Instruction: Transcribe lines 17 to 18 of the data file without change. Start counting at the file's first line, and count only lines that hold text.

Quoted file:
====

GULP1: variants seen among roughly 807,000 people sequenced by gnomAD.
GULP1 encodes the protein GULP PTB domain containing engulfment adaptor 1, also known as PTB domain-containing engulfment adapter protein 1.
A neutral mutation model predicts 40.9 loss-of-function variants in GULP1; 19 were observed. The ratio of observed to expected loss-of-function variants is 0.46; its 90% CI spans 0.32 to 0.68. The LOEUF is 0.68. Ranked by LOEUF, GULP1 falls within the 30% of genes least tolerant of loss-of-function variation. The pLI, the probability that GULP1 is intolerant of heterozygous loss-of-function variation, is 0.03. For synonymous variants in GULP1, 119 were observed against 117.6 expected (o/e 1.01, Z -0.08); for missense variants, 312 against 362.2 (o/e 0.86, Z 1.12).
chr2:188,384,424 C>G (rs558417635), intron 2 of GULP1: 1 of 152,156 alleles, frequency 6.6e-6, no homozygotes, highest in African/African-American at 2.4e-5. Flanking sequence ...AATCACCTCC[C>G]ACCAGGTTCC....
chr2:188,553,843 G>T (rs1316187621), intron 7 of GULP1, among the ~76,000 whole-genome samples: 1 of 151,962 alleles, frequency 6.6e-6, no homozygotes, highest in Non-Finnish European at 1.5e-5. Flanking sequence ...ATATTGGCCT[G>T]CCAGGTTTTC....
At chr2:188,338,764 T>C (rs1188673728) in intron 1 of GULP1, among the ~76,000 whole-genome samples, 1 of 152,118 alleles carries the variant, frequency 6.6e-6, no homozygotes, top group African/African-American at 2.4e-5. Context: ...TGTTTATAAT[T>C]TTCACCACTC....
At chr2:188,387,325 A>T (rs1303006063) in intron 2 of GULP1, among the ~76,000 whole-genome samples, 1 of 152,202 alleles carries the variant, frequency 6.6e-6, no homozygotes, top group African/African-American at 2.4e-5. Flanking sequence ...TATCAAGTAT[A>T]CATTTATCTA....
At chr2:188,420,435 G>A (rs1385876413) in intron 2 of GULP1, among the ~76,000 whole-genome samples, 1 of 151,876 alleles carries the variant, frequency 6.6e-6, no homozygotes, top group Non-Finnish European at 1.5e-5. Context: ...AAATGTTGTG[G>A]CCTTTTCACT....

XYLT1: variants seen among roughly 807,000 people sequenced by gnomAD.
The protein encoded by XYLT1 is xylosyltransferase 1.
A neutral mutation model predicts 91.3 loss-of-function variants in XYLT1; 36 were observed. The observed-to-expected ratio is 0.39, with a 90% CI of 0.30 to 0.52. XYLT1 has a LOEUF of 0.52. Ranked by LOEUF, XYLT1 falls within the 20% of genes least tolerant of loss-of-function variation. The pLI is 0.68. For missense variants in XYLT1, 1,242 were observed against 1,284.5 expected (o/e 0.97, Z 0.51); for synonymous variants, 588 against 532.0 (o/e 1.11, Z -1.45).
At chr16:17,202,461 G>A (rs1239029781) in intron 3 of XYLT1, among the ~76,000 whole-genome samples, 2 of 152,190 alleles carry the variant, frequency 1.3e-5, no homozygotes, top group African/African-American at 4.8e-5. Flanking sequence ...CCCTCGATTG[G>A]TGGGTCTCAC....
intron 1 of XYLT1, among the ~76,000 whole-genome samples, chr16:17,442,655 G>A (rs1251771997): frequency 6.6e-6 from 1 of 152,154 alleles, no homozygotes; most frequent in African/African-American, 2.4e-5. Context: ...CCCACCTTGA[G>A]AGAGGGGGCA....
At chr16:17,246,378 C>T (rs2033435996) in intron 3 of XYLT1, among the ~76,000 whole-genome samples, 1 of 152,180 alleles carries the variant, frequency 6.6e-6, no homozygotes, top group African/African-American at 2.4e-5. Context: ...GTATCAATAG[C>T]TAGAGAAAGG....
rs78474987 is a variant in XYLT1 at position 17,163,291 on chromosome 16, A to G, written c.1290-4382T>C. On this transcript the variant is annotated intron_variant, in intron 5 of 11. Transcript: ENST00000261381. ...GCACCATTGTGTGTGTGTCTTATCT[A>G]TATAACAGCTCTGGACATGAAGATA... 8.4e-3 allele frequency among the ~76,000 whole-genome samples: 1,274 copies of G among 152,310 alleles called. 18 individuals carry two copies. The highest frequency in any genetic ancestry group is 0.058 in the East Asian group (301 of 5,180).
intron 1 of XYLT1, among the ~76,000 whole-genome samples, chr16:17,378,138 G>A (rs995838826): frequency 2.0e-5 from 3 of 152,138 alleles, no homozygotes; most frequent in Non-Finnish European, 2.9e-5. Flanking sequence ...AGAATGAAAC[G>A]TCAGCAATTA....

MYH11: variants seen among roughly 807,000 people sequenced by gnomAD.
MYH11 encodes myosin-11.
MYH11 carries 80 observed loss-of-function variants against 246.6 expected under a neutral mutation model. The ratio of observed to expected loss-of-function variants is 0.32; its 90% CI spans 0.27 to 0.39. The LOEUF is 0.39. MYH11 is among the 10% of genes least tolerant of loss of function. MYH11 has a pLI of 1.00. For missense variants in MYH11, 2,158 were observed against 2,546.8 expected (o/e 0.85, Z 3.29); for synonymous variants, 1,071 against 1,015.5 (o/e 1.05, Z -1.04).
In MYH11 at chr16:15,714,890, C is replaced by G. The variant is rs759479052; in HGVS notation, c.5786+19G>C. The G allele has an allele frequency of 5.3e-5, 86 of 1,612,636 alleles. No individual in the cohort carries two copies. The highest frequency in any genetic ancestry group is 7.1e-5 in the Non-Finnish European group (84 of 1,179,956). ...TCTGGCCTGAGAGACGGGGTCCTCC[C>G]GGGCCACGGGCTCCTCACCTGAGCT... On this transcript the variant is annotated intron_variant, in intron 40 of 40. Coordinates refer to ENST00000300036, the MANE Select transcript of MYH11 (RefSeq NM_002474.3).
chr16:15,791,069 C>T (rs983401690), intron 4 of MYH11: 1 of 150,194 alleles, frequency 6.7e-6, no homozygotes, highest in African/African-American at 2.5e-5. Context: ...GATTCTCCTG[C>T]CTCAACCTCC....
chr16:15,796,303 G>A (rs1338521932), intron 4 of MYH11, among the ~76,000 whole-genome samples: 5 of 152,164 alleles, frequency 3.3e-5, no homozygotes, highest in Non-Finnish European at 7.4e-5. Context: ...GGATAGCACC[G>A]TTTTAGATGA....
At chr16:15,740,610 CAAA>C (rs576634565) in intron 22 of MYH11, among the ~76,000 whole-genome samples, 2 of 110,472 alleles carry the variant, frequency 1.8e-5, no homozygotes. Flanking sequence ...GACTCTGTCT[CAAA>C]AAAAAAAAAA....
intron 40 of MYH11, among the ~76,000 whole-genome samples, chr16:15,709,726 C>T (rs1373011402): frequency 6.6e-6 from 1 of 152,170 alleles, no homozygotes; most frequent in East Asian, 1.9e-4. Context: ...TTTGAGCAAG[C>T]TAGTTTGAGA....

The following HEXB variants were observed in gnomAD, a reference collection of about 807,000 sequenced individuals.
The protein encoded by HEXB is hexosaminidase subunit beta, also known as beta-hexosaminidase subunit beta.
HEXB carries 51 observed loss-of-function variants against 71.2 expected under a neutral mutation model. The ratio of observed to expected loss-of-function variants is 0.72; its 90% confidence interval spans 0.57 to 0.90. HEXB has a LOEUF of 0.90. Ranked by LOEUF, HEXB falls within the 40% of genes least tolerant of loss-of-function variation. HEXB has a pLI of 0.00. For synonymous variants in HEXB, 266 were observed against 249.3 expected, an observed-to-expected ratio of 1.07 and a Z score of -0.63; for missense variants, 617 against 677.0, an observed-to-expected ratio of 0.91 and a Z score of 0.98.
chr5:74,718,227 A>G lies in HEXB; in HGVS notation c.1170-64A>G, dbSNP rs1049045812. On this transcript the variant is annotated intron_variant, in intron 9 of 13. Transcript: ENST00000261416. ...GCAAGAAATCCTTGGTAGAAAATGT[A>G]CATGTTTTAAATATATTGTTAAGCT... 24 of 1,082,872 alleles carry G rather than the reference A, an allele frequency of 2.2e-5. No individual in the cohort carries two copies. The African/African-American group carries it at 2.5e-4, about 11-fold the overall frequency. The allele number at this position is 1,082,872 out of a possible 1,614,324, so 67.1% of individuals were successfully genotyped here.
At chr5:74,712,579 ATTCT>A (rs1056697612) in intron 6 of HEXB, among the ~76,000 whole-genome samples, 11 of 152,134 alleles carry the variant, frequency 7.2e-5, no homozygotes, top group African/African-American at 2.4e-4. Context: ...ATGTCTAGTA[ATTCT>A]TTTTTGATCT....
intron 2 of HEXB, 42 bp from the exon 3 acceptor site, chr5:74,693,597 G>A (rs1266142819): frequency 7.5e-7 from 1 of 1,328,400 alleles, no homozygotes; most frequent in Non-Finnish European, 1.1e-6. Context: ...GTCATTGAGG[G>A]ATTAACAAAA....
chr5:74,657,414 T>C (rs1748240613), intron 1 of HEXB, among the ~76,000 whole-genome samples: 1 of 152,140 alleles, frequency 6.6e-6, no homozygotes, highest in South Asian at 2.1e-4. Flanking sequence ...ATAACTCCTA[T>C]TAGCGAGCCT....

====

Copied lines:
MYH11: variants seen among roughly 807,000 people sequenced by gnomAD.
MYH11 encodes myosin-11.